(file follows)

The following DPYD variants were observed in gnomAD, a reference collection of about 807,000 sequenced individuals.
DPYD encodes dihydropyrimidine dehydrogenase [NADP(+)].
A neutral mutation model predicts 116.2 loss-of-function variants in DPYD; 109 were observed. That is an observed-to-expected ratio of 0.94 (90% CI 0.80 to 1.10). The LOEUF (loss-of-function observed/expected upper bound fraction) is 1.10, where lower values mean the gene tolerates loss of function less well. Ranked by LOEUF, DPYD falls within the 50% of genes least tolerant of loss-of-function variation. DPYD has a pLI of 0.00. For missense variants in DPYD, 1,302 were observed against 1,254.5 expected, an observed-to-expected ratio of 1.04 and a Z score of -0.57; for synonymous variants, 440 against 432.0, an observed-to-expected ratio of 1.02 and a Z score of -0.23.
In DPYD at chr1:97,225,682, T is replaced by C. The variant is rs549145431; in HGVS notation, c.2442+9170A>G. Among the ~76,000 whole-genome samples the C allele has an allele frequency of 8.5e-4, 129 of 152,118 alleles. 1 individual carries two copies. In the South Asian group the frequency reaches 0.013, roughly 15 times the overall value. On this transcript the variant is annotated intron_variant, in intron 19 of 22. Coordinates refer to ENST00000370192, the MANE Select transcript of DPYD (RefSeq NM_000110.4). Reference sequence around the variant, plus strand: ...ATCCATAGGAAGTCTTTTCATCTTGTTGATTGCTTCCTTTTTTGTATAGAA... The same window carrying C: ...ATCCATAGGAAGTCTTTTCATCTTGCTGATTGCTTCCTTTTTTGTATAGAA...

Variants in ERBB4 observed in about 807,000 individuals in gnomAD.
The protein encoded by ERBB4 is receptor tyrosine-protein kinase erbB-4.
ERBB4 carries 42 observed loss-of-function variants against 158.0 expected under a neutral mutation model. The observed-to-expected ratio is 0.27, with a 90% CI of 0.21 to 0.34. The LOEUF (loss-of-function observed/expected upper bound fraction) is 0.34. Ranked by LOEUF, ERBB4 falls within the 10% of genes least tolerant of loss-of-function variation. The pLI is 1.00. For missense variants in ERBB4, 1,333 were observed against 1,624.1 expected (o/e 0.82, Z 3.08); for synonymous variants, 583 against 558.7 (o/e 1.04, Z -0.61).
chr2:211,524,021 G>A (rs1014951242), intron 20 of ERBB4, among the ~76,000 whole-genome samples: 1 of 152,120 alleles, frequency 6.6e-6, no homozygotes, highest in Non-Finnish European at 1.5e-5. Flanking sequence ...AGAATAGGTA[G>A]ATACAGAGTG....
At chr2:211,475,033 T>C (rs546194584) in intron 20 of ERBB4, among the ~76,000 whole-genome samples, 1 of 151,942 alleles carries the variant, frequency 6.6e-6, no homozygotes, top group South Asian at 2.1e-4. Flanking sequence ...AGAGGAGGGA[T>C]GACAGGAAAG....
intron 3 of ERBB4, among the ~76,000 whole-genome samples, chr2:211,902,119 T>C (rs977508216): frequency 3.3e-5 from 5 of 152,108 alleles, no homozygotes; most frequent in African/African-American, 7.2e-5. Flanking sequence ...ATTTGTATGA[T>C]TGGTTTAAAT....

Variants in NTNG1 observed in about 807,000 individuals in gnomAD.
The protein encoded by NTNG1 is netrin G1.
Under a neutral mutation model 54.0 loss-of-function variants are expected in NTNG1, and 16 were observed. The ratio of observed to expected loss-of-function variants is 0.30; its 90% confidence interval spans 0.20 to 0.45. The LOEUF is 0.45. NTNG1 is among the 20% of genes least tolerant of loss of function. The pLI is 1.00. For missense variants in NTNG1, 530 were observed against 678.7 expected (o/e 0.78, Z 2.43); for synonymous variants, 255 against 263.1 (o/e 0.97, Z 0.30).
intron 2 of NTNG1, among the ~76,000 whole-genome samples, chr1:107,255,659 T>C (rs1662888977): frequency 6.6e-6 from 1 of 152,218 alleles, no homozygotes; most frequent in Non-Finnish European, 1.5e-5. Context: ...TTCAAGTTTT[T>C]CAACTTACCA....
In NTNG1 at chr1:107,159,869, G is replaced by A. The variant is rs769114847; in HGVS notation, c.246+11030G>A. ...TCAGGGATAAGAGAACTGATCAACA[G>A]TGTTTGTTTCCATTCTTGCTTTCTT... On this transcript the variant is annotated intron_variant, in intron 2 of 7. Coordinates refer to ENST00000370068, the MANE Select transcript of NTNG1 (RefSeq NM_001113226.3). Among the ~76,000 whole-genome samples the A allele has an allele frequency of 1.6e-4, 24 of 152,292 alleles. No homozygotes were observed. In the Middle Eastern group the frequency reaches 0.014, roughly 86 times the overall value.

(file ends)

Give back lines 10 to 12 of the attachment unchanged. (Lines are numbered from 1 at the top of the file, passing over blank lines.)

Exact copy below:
intron 3 of ERBB4, among the ~76,000 whole-genome samples, chr2:211,902,119 T>C (rs977508216): frequency 3.3e-5 from 5 of 152,108 alleles, no homozygotes; most frequent in African/African-American, 7.2e-5. Flanking sequence ...ATTTGTATGA[T>C]TGGTTTAAAT....

Variants in NTNG1 observed in about 807,000 individuals in gnomAD.
The protein encoded by NTNG1 is netrin G1.